Traditional Ghanaian (Ashanti) Glass Bead Necklace
Beads have played an enormous role in the culture, fashion, economy and artistic expression of the African people. Today, they are cherished by collectors, jewelry makers, and everyday people who just love wearing African beads! African tribal beads and glass beads also hold a special mythical significance as well.
Beads and Beadmaking have a long history in Africa. Beads have been made by indigenous Africans for thousands of years. In ancient times Egyptians, Greeks, and Indians established trading bases in East Africa and eventually the Arabs invaded in the eighth century and established trade routes with the wealthy kingdom of Ghana in modern day Mauritania.
The modern production of beads is in some sense a family tradition where tools and techniques are passed from one generation to the next. Beadmaking is a labor-intensive process and since many beads are handmade, this leads to variability in the appearance of individual beads even within a single strand. Production of beads is distributed throughout many countries on the African continent however the Hausa people of West Africa are particularly known for dominating the bead trade where they travel extensively to locate beads in villages, modify many beads, and sell them to local and foreign merchants.
African Beads are made from a diverse array of materials. Some of the oldest beads were made from natural materials such as stones, clay, plant materials such as doum palm nuts and bamboo stems, animal materials such as ostrich eggshells, bones such as the Bank Batik Bone bead of Kenya, buffalo horn, and marine shells such as the Conus. These materials continue to be used today. Similarly, metal beads have been made from gold, bronze, and brass especially in West African countries such as Ghana, Ivory Coast, Nigeria, Mali, Cameroon, and Senegal.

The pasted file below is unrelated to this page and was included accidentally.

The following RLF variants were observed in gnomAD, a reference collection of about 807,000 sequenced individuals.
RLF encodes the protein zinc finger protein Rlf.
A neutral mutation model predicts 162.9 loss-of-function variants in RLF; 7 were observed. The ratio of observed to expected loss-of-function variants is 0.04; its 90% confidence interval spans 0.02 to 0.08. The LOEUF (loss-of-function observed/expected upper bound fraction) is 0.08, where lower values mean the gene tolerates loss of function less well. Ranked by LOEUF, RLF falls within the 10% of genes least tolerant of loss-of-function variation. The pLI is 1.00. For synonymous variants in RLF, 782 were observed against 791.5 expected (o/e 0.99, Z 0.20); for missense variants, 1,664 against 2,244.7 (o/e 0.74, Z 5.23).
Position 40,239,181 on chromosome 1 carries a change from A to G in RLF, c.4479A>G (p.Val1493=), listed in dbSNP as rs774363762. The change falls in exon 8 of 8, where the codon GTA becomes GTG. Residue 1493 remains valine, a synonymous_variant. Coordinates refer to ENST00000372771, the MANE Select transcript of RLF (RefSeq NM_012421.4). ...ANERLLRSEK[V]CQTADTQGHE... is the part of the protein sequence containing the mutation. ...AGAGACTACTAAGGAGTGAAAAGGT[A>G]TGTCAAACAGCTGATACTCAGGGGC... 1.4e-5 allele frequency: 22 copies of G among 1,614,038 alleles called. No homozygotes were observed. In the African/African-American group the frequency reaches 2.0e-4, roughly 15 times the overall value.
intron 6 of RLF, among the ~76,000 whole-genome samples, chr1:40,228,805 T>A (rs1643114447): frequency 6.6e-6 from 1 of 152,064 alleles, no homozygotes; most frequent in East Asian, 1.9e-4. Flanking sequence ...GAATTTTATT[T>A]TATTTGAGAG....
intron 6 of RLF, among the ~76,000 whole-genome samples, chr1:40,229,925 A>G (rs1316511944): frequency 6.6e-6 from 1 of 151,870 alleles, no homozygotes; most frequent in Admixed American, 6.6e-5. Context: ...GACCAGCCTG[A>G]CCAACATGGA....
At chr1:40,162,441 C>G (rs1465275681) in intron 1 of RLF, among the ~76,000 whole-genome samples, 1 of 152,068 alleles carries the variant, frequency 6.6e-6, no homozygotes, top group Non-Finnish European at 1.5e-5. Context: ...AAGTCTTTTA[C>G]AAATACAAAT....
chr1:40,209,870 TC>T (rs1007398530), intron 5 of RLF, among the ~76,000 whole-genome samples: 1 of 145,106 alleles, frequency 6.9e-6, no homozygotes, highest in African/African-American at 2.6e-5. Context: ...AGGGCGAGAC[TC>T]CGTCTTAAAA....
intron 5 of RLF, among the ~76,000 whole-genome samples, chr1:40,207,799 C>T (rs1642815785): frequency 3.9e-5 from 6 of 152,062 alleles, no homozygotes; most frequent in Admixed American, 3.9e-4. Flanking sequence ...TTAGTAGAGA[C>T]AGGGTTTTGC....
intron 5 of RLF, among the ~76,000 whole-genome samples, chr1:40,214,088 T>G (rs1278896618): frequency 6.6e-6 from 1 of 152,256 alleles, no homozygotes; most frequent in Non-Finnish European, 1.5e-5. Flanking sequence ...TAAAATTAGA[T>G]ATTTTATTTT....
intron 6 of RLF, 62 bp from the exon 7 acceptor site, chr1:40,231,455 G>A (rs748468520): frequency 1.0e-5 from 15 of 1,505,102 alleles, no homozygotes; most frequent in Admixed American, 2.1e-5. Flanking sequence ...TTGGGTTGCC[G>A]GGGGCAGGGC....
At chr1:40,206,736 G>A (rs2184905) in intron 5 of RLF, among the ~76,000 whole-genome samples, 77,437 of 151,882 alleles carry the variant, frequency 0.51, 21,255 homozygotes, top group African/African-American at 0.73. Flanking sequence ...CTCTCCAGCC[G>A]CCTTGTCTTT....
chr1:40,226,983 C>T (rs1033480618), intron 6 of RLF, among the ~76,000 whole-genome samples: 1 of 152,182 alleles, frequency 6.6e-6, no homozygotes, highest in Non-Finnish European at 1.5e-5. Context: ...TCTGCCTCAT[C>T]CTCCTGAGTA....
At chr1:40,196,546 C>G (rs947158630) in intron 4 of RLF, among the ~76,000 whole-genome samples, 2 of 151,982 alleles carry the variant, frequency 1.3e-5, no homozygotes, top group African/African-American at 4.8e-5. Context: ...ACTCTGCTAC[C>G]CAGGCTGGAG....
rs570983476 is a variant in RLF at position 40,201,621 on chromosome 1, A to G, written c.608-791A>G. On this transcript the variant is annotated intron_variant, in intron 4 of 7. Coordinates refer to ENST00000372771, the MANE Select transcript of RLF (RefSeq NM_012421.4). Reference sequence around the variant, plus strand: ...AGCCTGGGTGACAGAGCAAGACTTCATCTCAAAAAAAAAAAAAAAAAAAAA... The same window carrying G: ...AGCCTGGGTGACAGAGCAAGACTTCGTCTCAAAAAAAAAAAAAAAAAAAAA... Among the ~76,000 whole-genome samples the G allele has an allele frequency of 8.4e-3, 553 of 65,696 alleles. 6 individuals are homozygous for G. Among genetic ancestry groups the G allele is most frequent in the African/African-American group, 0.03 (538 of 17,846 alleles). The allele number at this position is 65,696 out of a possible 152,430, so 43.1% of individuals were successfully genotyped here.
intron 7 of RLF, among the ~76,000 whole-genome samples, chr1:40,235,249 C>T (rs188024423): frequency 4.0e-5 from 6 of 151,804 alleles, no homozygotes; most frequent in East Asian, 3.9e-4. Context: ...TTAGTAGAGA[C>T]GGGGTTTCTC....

The uses of beads in Africa are as varied as the materials used to make them. Beadwork is very popular in many African nations and is integrated into many art forms including clothing such as the stand-out collars of the Maasai tribe, headdresses and belts, wooden sculptures, small leather amulets, and a myriad of jewelry items where beads are regarded as items of wealth, power, and status. Because of their long history, beads continue to play a role in many traditional rites and ceremonies such as coming-of-age, circumcision, marriage, burial, and local festivals.
PLEASE NOTE: Because the traditional beads are made by hand, no bead pattern is the same. Moreover, when you are choosing the color for your beads, you are choosing the predominant color that will be in your bead pattern.